• Analyzing and interpreting data on school achievement, attendance and discipline
  • Finalizing, printing and distributing school report cards
  • Counseling individual students and groups of students
  • Reviewing and assessing school safety plans
  • Reporting suspected abuse and neglect
  • Providing college and career advisement
  • Presenting state test security information

Teaching experience. A few states, like Illinois, count previous classroom experience towards internship requirements, while other states actually require teaching experience. In Kansas and Louisiana, for example, you need a state teaching license in addition to hours as a school counseling intern. This is good news for people looking to move from classroom teaching into counseling.

Do You Need to Take an Exam?

Many states require you to take one or more tests before you get your school counselor certification. Praxis exams are state tests that assess whether or not you have sufficient content knowledge in your chosen field. The Professional School Counselor Praxis (5421) is a two-hour exam that contains 120 selected response (multiple choice) questions. Major domains and topics covered include:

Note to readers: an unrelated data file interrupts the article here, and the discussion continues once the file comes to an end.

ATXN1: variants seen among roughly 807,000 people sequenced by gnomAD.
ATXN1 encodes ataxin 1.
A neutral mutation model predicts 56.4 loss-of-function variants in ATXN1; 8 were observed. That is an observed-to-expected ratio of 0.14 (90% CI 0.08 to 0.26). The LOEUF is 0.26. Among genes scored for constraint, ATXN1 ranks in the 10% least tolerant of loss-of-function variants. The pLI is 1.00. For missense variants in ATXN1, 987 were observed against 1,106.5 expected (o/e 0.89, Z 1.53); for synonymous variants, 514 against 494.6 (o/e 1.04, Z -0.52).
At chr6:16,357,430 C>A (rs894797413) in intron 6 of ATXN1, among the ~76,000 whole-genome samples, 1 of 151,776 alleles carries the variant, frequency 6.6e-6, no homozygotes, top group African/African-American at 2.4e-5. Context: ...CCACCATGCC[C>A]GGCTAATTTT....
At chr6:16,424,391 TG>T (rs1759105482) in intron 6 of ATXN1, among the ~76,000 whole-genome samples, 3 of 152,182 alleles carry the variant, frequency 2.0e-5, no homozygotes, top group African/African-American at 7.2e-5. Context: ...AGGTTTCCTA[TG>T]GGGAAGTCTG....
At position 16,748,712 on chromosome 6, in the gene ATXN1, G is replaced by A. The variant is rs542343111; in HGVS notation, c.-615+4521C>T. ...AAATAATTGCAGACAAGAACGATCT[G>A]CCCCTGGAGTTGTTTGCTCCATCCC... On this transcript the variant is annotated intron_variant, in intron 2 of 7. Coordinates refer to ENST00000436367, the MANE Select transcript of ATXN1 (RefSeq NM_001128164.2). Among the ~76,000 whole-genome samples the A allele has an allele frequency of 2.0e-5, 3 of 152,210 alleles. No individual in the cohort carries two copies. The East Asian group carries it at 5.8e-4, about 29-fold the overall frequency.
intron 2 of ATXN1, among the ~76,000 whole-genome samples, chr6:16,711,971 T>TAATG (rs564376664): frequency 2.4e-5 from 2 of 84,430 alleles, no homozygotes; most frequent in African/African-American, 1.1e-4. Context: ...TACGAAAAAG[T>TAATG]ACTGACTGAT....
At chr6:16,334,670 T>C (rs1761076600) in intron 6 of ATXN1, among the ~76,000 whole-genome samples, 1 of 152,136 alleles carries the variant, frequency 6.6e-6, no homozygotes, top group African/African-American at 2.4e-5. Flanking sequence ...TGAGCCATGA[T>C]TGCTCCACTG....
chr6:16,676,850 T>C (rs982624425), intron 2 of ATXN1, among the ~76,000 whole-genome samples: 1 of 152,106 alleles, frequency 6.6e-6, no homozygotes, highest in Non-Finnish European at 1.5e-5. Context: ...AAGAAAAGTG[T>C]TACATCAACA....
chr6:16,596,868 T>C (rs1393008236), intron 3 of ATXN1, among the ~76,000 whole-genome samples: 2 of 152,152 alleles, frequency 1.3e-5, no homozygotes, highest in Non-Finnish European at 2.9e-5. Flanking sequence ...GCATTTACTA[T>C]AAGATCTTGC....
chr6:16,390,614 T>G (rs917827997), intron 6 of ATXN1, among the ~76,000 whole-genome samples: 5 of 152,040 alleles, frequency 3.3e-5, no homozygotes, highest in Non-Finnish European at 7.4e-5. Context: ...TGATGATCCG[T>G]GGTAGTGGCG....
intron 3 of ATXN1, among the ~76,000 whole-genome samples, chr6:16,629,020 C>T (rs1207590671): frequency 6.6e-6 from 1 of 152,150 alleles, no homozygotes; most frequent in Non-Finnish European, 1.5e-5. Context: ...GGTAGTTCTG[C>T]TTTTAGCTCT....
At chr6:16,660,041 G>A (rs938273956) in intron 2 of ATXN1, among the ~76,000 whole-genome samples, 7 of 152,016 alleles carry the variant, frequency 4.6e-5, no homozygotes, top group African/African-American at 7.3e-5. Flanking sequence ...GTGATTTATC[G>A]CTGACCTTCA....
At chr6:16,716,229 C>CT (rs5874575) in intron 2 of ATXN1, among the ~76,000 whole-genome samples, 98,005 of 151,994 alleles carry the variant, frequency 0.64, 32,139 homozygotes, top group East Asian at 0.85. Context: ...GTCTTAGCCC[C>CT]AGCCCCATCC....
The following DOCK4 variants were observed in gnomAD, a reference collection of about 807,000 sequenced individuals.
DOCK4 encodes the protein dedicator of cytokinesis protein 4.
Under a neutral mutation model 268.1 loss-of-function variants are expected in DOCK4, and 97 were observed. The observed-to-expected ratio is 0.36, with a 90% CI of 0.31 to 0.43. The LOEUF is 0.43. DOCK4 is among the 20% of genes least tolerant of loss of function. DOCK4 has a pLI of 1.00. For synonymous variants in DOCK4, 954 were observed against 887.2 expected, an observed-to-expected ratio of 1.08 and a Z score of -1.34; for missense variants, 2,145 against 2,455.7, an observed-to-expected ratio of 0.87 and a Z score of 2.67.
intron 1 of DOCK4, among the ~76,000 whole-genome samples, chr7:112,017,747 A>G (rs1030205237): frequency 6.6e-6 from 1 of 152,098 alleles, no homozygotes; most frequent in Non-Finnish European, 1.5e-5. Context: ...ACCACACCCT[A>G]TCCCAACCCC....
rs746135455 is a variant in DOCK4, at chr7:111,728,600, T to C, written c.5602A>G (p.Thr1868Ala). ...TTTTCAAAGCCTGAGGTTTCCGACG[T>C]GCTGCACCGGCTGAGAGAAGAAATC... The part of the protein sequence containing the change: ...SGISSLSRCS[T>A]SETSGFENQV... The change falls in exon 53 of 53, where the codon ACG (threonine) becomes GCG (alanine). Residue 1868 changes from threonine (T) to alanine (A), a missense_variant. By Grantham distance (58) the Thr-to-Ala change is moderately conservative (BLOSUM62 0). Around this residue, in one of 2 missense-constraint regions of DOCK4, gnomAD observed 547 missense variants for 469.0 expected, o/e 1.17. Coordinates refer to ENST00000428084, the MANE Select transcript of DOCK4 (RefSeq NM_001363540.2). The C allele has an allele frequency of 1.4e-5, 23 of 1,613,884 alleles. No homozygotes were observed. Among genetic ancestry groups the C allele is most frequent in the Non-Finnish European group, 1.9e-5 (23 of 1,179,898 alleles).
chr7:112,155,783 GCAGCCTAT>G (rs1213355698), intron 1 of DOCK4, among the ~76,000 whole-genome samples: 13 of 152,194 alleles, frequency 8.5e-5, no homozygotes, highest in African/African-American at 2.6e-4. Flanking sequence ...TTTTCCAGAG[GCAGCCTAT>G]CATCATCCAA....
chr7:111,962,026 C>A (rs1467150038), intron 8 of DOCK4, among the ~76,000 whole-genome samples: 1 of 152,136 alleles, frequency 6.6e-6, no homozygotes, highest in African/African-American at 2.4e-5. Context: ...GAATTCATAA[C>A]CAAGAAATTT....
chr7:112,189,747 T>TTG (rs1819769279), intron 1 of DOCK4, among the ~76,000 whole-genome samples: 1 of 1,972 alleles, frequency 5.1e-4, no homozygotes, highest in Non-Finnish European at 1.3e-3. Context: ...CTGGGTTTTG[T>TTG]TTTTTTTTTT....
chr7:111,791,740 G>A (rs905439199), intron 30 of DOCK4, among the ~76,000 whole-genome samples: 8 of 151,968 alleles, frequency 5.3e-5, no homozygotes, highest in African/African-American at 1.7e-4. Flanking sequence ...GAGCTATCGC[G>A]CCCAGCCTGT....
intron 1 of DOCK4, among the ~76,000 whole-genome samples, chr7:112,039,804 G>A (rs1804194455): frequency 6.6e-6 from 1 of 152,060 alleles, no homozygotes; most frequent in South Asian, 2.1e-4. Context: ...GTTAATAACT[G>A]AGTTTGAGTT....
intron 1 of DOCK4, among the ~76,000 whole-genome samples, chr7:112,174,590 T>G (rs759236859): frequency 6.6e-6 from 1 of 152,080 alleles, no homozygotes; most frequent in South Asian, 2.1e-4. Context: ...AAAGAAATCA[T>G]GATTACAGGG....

• Foundations: History and Role of the Professional School Counselor
  • Foundations: Human Growth and Development
  • Foundations: Ethics
  • Foundations: Legal Issues
  • Delivery of Service: Guidance and Counseling
  • Delivery of Service: Consultation and Collaboration
  • Management
  • Accountability

School counselor candidates in Nebraska and Oregon must also take a basic skills exam. This measures whether or not you possess basic skills in math, reading and writing in those states. California also requires a basic skills test, but does not require a Praxis exam for school counselor certification.

Do You Need a Background Check?

This also varies by state. Some states require you to be fingerprinted before you apply for your state license. Other places conduct the background check after you’re hired. A few states require no background check at all.